Vaccine mandates: HIPAA privacy misconceptions, FAQsPosted on Monday, November 22nd, 2021 | Posted in Resources & Publications
Attorney Sarah Voorhies Myers Featured in New Orleans City Business
OSHA Suspends Enforcement of Mandate Order Amid Litigation
On Nov. 17, the U.S. Department of Labor’s Occupational Safety and Health Administration suspended enforcement of the Biden administration’s vaccine mandate for private employers of 100 or more employees. The decision came after 27 states, including Louisiana, sued to block the order, and the U.S. Fifth Circuit Court of Appeals issued a stay. The cases have been consolidated into the Sixth Circuit Court of Appeals in Cincinnati. While these judicial procedures play out, employers are left in limbo.
If the ETS were to go into effect, employers would choose from two options: mandating vaccination for all workers (with limited exceptions); or requiring workers either to vaccinate or if unvaccinated or partially vaccinated, to test weekly and wear a mask in the workplace (with limited exceptions). Before the OSHA suspension, employers were given two deadlines: distribution of a written policy on or before Dec. 6, and employees must comply with the vaccination requirement by Jan. 4, 2022.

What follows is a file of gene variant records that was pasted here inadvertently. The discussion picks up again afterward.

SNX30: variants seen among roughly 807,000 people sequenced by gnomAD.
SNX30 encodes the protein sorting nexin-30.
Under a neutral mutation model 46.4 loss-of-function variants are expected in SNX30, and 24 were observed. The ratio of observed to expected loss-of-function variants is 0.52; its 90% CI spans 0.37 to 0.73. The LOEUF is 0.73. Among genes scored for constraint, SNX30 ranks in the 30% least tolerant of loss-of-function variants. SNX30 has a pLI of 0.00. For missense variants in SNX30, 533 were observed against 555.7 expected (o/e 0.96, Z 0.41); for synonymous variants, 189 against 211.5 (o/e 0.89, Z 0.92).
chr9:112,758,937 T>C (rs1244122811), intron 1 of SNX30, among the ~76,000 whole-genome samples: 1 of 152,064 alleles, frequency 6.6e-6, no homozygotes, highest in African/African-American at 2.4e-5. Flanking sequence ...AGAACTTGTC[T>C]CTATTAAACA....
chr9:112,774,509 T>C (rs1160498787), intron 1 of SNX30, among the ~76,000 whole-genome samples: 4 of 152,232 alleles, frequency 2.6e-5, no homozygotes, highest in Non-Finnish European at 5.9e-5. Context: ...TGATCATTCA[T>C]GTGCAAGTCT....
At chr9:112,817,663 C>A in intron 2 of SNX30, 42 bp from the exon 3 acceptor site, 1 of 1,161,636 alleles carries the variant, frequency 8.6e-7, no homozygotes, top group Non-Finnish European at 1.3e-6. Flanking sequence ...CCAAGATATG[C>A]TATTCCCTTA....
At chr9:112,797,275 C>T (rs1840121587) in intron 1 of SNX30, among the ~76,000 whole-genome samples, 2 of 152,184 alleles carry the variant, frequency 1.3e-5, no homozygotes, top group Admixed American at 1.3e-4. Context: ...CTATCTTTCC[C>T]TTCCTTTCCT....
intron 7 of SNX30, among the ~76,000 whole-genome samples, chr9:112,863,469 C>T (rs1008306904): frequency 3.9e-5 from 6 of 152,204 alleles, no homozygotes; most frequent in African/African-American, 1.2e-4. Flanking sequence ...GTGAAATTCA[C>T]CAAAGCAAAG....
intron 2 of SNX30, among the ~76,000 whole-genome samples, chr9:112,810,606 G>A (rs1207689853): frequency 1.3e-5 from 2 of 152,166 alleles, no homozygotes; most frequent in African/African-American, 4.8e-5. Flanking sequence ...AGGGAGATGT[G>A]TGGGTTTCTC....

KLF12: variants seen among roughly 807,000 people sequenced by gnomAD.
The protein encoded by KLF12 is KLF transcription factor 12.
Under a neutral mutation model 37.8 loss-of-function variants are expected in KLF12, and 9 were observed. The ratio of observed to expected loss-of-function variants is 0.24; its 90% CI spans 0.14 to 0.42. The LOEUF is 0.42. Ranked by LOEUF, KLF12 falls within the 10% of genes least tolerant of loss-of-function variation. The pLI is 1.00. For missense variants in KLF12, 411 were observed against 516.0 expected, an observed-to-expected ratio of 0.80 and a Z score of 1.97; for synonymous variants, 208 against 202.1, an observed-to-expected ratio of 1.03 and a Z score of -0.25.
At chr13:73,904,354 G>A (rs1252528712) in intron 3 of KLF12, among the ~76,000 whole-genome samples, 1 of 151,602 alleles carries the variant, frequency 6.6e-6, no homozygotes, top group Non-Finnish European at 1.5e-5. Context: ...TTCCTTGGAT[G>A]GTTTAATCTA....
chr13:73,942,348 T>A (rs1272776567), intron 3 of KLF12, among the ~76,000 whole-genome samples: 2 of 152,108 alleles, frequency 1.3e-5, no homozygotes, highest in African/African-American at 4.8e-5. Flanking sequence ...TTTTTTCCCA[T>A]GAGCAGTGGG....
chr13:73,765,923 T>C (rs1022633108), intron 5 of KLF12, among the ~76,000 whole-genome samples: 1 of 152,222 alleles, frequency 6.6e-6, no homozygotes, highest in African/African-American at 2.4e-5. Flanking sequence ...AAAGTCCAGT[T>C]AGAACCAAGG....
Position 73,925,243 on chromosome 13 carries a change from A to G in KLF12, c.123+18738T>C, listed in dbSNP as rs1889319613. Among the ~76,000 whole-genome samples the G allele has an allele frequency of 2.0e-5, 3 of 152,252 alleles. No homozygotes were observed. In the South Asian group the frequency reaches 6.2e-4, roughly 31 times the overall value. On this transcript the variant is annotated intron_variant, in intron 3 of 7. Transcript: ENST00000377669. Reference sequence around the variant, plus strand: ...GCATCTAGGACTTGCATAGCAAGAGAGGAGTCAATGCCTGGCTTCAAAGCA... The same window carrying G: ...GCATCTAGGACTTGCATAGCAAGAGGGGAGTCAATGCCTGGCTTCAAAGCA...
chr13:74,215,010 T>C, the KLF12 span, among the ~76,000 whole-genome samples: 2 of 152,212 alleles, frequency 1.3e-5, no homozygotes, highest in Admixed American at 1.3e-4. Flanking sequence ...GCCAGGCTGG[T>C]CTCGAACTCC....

Given that short time frame, if employers have not done so already, it’s time to start preparing, says Sarah Voorhies Myers, Chaffe McCall attorney in labor and employment law.
“We are always trying to read the tea leaves of when and where things will land amidst the OSHA order and federal lawsuits challenging the order, and it’s impossible to know. But in the meantime, employers need to start getting prepared in case the OSHA mandate gets implemented,” Myers said. “You have a right to ask your employees their vaccination status, and employers should…
To read the full article, click here
About Sarah Voorhies Myers
Sarah is a partner in the Labor and Employment Section at Chaffe McCall’s New Orleans office. She devotes her practice to representing employers and management in all aspects of labor and employment law. Sarah regularly counsels public and private employers on a broad spectrum of issues. Sarah is also an experienced litigator in trials and appeals. She regularly defends nationwide, regional, and local companies against claims involving the Americans with Disabilities Act, the Age Discrimination in Employment Act, the Fair Labor Standards Act, the Equal Pay Act, Title VII of the Civil Rights Act, the National Labor Relations Act, and other federal, state, and local employment laws.
Sarah Voorhies Myers